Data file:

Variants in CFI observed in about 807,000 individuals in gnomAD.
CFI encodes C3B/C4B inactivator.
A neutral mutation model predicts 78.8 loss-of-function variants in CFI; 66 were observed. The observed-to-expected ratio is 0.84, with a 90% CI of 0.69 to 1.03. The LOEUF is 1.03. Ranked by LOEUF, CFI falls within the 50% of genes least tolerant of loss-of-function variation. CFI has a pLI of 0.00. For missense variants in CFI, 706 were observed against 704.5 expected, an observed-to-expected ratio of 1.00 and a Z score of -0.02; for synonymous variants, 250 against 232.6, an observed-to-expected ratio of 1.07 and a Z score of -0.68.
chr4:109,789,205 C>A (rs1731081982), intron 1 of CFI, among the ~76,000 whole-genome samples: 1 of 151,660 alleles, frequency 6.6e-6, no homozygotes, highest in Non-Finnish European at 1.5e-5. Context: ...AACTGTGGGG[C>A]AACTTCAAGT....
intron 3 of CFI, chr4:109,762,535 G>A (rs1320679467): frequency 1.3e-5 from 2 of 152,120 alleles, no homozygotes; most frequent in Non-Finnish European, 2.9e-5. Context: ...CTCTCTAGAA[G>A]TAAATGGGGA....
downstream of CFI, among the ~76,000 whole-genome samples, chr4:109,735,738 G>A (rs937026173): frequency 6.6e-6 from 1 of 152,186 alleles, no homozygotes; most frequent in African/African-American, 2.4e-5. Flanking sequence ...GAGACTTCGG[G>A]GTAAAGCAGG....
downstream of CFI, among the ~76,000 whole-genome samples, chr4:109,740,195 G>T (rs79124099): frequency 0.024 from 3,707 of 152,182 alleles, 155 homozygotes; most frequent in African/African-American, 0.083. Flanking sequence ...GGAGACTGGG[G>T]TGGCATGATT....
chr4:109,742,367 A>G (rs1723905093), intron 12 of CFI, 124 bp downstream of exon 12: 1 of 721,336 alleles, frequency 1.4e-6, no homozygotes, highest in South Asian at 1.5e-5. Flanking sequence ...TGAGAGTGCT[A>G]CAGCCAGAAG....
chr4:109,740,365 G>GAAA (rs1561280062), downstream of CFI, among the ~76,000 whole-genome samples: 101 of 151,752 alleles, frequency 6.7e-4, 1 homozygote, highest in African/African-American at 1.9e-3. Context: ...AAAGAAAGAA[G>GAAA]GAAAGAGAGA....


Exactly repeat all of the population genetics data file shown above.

Variants in CFI observed in about 807,000 individuals in gnomAD.
CFI encodes C3B/C4B inactivator.
A neutral mutation model predicts 78.8 loss-of-function variants in CFI; 66 were observed. The observed-to-expected ratio is 0.84, with a 90% CI of 0.69 to 1.03. The LOEUF is 1.03. Ranked by LOEUF, CFI falls within the 50% of genes least tolerant of loss-of-function variation. CFI has a pLI of 0.00. For missense variants in CFI, 706 were observed against 704.5 expected, an observed-to-expected ratio of 1.00 and a Z score of -0.02; for synonymous variants, 250 against 232.6, an observed-to-expected ratio of 1.07 and a Z score of -0.68.
chr4:109,789,205 C>A (rs1731081982), intron 1 of CFI, among the ~76,000 whole-genome samples: 1 of 151,660 alleles, frequency 6.6e-6, no homozygotes, highest in Non-Finnish European at 1.5e-5. Context: ...AACTGTGGGG[C>A]AACTTCAAGT....
intron 3 of CFI, chr4:109,762,535 G>A (rs1320679467): frequency 1.3e-5 from 2 of 152,120 alleles, no homozygotes; most frequent in Non-Finnish European, 2.9e-5. Context: ...CTCTCTAGAA[G>A]TAAATGGGGA....
downstream of CFI, among the ~76,000 whole-genome samples, chr4:109,735,738 G>A (rs937026173): frequency 6.6e-6 from 1 of 152,186 alleles, no homozygotes; most frequent in African/African-American, 2.4e-5. Flanking sequence ...GAGACTTCGG[G>A]GTAAAGCAGG....
downstream of CFI, among the ~76,000 whole-genome samples, chr4:109,740,195 G>T (rs79124099): frequency 0.024 from 3,707 of 152,182 alleles, 155 homozygotes; most frequent in African/African-American, 0.083. Flanking sequence ...GGAGACTGGG[G>T]TGGCATGATT....
chr4:109,742,367 A>G (rs1723905093), intron 12 of CFI, 124 bp downstream of exon 12: 1 of 721,336 alleles, frequency 1.4e-6, no homozygotes, highest in South Asian at 1.5e-5. Flanking sequence ...TGAGAGTGCT[A>G]CAGCCAGAAG....
chr4:109,740,365 G>GAAA (rs1561280062), downstream of CFI, among the ~76,000 whole-genome samples: 101 of 151,752 alleles, frequency 6.7e-4, 1 homozygote, highest in African/African-American at 1.9e-3. Context: ...AAAGAAAGAA[G>GAAA]GAAAGAGAGA....